Why are people with disabilities more likely to become victims of sexual assault or domestic violence?

  • People with disabilities are more likely to have difficulty reporting an assault. Speech impediments, underdeveloped speech, the need for interpreters, the inability to speak, or other communication barriers can make reporting hard.
  • People with disabilities may depend on others for care, making them vulnerable to abuse.
  • People with specific disabilities may be more easily controlled and isolated by their abusers.
  • Trauma-informed interpreters are often hard to find.
  • Victims with disabilities may not be believed or understood or be afraid to report abuse.
  • People with disabilities may be taught to be compliant and not say no, making them more vulnerable to abuse.
  • People with disabilities often have many people in their lives, such as caregivers, social workers, or therapists, whom they are expected to trust.
  • People with disabilities may be more susceptible to their abuser's manipulation tactics.
  • Accessing help, such as the police or court, can be difficult for people with disabilities who don't know how to ask for accommodations.
  • Court documents and police reports can be confusing for people with specific disabilities.
  • Safe shelters may not have the necessary accessibility resources to protect victims with disabilities.

Resource for Victims and Survivors with Disabilities in Kansas:

Kansas Coalition Against Sexual Assault & Domestic Violence

Kansas Coalition against Sexual and Domestic Violence (KCSDV)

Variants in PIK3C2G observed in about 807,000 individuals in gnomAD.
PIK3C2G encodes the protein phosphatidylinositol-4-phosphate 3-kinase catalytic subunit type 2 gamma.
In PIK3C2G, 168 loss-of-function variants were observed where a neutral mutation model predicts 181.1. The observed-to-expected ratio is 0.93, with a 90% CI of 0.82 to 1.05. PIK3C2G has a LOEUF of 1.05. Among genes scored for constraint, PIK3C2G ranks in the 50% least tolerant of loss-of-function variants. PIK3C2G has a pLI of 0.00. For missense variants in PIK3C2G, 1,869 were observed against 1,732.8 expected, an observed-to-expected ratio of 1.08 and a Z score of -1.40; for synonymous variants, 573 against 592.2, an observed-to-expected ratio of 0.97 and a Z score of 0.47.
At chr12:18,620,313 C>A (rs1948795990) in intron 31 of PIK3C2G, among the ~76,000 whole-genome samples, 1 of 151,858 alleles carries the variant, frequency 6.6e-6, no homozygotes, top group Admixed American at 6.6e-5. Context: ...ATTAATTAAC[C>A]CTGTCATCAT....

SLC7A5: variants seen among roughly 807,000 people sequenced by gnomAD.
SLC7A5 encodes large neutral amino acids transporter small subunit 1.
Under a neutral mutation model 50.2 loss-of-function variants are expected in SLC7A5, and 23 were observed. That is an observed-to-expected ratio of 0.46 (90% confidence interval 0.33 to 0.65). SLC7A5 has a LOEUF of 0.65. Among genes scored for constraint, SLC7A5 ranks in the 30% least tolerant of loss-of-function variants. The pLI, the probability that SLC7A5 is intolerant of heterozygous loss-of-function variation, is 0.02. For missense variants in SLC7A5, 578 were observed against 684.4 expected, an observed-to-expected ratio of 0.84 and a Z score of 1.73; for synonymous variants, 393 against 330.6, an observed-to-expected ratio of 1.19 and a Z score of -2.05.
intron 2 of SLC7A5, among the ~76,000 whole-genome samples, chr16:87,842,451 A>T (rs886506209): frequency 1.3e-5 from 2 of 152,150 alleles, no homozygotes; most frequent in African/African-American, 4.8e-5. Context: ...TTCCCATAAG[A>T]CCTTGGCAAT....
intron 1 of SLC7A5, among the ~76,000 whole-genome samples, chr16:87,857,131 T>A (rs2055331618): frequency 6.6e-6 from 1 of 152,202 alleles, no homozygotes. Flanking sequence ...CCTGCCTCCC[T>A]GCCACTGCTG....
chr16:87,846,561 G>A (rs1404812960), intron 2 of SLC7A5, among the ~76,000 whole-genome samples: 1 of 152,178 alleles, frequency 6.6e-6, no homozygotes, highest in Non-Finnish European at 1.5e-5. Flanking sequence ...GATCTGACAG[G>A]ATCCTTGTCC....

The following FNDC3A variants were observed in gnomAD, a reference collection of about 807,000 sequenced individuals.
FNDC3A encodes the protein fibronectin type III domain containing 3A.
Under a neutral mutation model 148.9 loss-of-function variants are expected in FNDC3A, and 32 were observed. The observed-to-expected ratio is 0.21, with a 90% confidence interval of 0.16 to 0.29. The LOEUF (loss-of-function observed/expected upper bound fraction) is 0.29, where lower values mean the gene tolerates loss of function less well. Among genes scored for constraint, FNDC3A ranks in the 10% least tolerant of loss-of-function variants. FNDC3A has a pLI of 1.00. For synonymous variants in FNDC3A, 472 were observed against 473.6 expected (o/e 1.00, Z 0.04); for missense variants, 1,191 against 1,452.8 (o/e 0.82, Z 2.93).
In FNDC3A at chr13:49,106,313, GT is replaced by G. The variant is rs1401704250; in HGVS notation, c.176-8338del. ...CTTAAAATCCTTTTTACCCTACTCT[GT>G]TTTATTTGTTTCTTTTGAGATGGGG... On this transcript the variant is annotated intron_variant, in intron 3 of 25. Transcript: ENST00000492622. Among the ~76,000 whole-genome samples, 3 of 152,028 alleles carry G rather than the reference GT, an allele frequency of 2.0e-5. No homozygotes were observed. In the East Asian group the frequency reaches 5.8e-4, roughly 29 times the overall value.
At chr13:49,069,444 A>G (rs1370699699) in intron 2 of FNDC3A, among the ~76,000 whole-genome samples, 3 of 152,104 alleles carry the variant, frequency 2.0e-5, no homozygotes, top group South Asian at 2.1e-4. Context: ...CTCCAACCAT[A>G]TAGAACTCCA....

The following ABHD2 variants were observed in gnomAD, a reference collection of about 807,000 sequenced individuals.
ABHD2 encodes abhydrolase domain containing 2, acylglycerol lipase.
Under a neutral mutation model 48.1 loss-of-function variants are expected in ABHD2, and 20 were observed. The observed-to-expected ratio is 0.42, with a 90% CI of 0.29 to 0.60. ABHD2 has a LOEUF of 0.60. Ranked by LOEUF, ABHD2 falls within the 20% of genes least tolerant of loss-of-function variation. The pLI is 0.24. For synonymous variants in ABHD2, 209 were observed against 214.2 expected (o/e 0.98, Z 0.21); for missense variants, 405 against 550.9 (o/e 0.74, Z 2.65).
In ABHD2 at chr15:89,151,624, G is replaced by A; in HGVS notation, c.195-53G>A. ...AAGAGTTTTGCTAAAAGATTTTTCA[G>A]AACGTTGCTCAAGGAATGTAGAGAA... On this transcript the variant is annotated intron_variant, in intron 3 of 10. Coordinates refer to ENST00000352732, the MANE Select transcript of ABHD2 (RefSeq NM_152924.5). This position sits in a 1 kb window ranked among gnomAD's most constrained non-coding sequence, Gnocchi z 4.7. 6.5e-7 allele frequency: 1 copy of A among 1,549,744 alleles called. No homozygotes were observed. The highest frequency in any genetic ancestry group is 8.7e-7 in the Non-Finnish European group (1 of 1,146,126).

Statistics & Sources:

Bureau of Justice Statistics 2017-2019

  • In 2019, the rate of violent victimization against persons with a disability was nearly 4X the rate for persons without a disability.
  • People with multiple disabilities are more frequently victims of rape and sexual assault compared to victims with only one form of disability.

Office for Victims of Crime (OVC) Published November 2021

  • 2017-2019 The rate of violent victimization against persons with disabilities (46.2 per 1,000 age 12 or older) was almost four times the rate for persons without disabilities (12.3 per 1,000).
  • Persons with cognitive disabilities had the highest rate of violent victimization (83.3 per 1,000) among the disability types measured.
  • Nineteen percent of rapes or sexual assaults against persons with disabilities were reported to police, compared to 36% of those against persons without disabilities.

— Originally published 7/5/21. Last updated 4/24/23.

This grant project is supported by subgrant number 24-VOCA-56 awarded through the Federal Office for Victims of Crime as administered by the Kansas Governor’s Grants Program. The opinions, findings, conclusions, or recommendations expressed in this publication, program, or exhibition are those of the author(s) and do not necessarily reflect the views of the Office of the Kansas Governor or the U.S. Department of Justice.

Sexual Assault, Domestic Violence, & the Disability Community